Friday, September 24, 2010

Train graffiti



When is the last time you saw a freight train? When is the last time you saw a freight train without graffiti?

Remember a time when freight trains did not have graffiti? I think it was about 25 years ago. Why and when did graffiti show up on trains? Did Fixing Broken Windows programs and anti-graffiti strategies displace graffiti out of cities onto these traveling billboards?

I just watched a documentary film about angst-ridden Gen-X street "artists" who started the whole thing back in the 80s. Or so they say. Kids at the fringe. At 35 they are no longer kids and no longer on the fringe.

The rest of us are left with their legacy. A contribution to urban culture. Thanks.

Then again, if the sum Gen-Xer legacy amounts to painted freight trains (it doesn't!) is that so bad? Compared to the legacy of the "Greatest Generation" and the Boomers - vanishing fish stocks, depleted forests, genetically-modified food and the human-caused carbon nightmare driving climate change - painted trains are not so bad.

That, of course, is a conceit. Gen-Xers (like all other generations) owe, and deserve, much more. For me, painted trains are little more than the latest manifestation of contemporary culture. In this case they just happen to be ugly.

It need not be so. Why not capitalize on the fringe tendency to paint trains? Train murals. (Why not?) Traveling train-art competitions. (Such possibilities!)

I wonder why train companies have been so lethargic to move beyond "catch them and charge them"? Given the utter failure of that strategy over the past few decades, it would seem obvious something more intelligent is in order.

Look what Canada Post came up with...

Hard to graffiti when it already looks graffitied

If bureaucratic stasis were real, a large federal bureaucracy like Canada Post (or the US Postal Service for that matter) would be poster child. Yet, even here, innovation is possible.

So why are train companies silent?

5 Replies so far - Add your comment

  1. Could it be that since the train companies move the blight, it isn't owned at any one site? Hence it is in a way "displaced" to someone's else backyard and problem.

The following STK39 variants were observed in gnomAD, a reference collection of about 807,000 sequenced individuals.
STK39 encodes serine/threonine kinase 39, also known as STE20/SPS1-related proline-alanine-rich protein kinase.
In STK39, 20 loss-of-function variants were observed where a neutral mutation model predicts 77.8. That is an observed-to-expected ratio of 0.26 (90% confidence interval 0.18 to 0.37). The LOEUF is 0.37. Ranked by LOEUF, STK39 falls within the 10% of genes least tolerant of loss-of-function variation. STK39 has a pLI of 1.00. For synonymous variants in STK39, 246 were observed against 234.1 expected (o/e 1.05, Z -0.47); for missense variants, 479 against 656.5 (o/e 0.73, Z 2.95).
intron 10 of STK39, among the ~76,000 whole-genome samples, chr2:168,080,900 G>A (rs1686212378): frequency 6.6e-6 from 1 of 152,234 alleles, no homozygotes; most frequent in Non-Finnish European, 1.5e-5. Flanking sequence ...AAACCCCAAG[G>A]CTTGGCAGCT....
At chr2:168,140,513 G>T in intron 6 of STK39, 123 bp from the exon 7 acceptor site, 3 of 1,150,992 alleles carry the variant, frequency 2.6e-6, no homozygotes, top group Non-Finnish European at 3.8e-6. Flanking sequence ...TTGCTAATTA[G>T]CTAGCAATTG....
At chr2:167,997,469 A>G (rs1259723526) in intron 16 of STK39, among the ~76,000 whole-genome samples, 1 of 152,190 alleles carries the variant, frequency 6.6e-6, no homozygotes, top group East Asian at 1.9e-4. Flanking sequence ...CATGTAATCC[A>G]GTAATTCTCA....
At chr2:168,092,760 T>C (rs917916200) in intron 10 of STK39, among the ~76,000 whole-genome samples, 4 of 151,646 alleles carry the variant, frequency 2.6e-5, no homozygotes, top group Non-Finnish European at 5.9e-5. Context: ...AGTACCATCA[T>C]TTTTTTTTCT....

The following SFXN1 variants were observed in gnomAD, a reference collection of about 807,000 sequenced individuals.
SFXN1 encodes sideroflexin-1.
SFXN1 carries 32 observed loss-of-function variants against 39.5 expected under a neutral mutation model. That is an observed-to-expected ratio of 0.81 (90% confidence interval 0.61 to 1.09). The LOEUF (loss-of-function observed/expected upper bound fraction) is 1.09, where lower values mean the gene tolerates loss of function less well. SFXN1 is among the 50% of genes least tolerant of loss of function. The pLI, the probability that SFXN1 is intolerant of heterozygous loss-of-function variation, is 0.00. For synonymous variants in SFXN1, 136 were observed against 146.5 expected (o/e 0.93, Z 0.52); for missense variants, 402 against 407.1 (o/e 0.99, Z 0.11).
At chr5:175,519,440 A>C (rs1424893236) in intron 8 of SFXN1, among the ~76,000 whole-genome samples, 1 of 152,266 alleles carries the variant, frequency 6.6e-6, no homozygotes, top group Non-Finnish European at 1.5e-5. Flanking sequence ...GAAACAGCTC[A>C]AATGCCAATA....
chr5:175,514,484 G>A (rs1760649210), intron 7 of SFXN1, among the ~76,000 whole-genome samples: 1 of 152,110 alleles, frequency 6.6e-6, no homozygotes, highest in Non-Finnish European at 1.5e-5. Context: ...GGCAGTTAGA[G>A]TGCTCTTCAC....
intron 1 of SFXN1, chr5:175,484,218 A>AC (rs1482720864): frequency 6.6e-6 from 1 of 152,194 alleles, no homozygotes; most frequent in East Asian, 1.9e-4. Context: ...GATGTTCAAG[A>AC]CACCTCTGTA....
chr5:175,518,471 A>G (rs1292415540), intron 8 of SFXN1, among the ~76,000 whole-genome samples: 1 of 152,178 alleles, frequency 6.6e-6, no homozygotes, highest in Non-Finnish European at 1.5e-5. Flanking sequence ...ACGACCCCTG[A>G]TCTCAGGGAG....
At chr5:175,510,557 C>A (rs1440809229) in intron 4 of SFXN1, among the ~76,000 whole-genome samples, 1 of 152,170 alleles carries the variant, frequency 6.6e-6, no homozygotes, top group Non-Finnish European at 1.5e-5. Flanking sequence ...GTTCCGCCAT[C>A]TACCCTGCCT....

ReplyDelete
  2. It could be, Mark. Excellent thought.

    Of course the train companies own the trains and it is, by definition, their property. It is also their responsibility. I wonder if it could be that they really don't care what their trains look like since the $$ value is inside the train, not on painted on the side of it! Another example, perhaps, of poor corporate citizenship?

    Perhaps?

    ReplyDelete
  3. AnonymousJune 08, 2012

    Well, i know some smaller train companys could care less for there not losing money. They only loose money buffing it. Personally I don't think it looks sleezy every train has it... If anything it makes them
    Stand out.

    ReplyDelete
  4. Personally I think it looks nice. Would you rather see a rusty old box car or a moving canvas? I prefer the moving canvas but some people prefer the trains ugly and rusted for whatever reasons.

    ReplyDelete
  5. Personally, I'd prefer if the graffiti was artistically worthy and not so ugly. Then it might be interesting on train cars. But given the horrid mess from most graffiti, it doesn't even offer that small blessing. A blank slate is preferable. That's just a personal view.

    ReplyDelete

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